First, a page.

Anyway, we’re much weirder than that … in a Dr Seuss-meets-a-Weka-before-breakfast –during-an-earthquake-kind-of-way. We’re strangely and genuinely not clearly definable, as we’re constantly discovering ourselves. ‘Living in community’, whatever that means, is somewhat like an amorphous moving time and space capsule with a big beating heart and at least 27 different hairy perspectives and dietary requirements. Life here moves and changes with the seasons and tides, while simultaneously giving the impression that nothing ever changes here at all.

On arrival, don’t even expect friendliness, let alone a warm welcome. You may get both in ways that flood your heart, but it’s best you don’t assume that that will be your entry. People are living their lives here; pretty much like people everywhere … it’s only toothpaste adverts where people smile all the time.

We don’t always greet or stop to chat … but that’s because in our daily lives, when it should take 10 minutes to walk from your house to the Tui shop to quickly get rice and your favourite spice … before you know it, 90 minutes are gone. This could be because: you bumped into someone whose heart was broken, who had just had a fall, who was looking for their ladder, whose car had broken down, whose visiting auntie is covered in spots and was diagnosed with a highly infectious gall bladder infection, whose visa got denied, who has just returned from a trip overseas, who is busy planning a trip, whose looking for a new job…who asks you how you are, and you start telling them even though all you meant to say was “I’m fine thanks”.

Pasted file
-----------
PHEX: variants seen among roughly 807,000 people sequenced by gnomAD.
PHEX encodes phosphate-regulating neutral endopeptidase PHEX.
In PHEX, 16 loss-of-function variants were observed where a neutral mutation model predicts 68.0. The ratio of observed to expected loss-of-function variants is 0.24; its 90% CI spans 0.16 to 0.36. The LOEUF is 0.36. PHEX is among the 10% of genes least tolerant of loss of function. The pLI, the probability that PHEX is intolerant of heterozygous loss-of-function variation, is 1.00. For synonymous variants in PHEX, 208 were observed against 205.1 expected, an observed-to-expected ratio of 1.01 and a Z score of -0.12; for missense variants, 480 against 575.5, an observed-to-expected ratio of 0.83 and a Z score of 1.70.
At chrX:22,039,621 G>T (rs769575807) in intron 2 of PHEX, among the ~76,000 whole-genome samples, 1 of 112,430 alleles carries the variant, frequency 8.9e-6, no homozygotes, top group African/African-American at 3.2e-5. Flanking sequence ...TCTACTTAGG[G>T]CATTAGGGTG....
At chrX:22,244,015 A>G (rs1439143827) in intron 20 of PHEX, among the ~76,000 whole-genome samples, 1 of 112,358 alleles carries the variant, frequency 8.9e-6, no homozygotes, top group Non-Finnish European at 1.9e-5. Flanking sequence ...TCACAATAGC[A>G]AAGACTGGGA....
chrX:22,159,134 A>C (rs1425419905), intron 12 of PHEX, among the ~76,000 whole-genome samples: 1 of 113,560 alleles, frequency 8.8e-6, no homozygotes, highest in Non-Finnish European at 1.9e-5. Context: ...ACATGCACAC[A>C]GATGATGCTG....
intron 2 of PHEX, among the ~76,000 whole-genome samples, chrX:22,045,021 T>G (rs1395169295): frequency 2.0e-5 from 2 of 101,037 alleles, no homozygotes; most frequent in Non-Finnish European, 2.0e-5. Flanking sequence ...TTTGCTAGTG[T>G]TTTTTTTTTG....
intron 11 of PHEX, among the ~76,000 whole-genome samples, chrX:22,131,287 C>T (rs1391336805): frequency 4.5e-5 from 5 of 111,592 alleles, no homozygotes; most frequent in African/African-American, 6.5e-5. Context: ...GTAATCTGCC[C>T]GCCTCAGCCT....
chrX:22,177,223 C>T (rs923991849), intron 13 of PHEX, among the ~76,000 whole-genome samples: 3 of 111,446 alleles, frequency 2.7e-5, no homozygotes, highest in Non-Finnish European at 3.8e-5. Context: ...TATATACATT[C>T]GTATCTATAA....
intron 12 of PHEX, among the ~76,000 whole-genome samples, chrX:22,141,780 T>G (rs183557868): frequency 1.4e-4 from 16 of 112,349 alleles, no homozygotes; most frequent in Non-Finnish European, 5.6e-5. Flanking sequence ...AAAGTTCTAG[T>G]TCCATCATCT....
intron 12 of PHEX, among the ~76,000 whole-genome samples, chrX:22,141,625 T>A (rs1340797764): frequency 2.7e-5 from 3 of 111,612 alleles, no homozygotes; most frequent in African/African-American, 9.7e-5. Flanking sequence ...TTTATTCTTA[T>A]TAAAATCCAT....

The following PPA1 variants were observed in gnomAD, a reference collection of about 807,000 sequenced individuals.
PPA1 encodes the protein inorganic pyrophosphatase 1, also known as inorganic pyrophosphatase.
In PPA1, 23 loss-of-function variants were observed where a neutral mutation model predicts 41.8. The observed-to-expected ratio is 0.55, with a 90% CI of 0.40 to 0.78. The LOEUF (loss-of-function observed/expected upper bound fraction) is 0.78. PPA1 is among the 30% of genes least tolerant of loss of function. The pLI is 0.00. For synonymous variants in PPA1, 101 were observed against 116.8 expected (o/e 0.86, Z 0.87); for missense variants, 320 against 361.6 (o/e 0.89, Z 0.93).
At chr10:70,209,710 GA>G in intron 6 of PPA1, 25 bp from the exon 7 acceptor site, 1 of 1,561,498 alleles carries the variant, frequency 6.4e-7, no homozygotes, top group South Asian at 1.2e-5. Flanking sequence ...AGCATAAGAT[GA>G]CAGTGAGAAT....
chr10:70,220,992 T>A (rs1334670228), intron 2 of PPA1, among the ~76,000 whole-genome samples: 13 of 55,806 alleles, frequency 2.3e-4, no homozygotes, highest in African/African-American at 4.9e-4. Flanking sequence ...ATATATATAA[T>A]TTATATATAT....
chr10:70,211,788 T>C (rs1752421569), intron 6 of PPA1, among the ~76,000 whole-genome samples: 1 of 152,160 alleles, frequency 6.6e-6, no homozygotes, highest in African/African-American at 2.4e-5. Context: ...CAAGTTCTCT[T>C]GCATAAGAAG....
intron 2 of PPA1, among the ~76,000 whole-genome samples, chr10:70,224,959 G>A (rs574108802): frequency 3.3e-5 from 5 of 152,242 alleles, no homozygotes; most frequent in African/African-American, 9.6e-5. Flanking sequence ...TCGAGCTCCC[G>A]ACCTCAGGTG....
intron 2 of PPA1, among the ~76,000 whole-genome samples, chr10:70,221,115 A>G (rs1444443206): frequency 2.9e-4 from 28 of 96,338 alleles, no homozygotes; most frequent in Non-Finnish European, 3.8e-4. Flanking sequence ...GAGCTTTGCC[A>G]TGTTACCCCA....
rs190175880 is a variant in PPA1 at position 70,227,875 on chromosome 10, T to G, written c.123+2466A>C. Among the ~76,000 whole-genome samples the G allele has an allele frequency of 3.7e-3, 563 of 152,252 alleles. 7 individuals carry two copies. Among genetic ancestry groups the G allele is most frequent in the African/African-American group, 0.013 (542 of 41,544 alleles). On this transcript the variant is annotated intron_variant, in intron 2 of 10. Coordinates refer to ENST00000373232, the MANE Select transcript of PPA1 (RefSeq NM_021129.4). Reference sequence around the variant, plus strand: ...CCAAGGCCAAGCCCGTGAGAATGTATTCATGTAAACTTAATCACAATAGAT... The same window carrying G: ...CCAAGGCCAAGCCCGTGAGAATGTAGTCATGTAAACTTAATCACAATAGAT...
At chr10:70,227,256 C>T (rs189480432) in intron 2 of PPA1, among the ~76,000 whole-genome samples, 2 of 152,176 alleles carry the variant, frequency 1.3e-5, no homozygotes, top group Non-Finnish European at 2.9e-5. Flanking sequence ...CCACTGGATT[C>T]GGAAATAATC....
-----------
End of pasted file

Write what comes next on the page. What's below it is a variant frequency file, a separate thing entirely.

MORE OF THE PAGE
If it’s on a Tuesday you may find someone who is attempting to cook a community meal for 30 people, when anywhere between 15 and 40 people could arrive, with a matching range of different dietary needs, with one of the most recently declared as being intolerant of gluten-free. You may also, at short notice, find yourself suddenly and sweetly roped in to making a salad dressing.

When we are all together, our collective intelligence sometimes does not even equate one person’s individual intelligence. Other times, we’re blown away and filled with wonder at how magical it is to be part of this human tribe. Nah, let me rephrase some of that… there is never really a clear ‘We’. To quote a moment in the film, Monty Python’s Life of Brian, “We’re all different, we are all individuals”.

Community meetings can be a bit of a boot camp, they can take off a layer or two of skin and leave you shattered, bewildered, curious. For some, the Heart Share meetings can fill to overflowing and help you remember why it is you choose to live together with this bunch of crazies. For others, it would be preferable to sign up for dental treatment you don’t need or run howling into the bush, or simply go home and chop your wood pile.